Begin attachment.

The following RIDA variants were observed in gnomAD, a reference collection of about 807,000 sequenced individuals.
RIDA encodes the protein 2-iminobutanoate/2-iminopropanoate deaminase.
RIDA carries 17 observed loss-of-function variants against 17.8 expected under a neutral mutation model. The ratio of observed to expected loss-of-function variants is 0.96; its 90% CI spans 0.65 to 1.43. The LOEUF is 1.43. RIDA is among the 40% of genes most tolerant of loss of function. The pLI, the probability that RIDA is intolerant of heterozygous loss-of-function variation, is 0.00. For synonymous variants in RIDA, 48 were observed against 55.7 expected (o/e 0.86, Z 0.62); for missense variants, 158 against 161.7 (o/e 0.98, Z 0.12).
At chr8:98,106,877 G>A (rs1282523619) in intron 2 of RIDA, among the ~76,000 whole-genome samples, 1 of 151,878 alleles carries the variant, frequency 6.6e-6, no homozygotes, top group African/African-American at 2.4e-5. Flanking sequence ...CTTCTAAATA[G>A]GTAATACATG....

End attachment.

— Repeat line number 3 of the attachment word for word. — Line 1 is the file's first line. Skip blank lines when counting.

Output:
RIDA carries 17 observed loss-of-function variants against 17.8 expected under a neutral mutation model. The ratio of observed to expected loss-of-function variants is 0.96; its 90% CI spans 0.65 to 1.43. The LOEUF is 1.43. RIDA is among the 40% of genes most tolerant of loss of function. The pLI, the probability that RIDA is intolerant of heterozygous loss-of-function variation, is 0.00. For synonymous variants in RIDA, 48 were observed against 55.7 expected (o/e 0.86, Z 0.62); for missense variants, 158 against 161.7 (o/e 0.98, Z 0.12).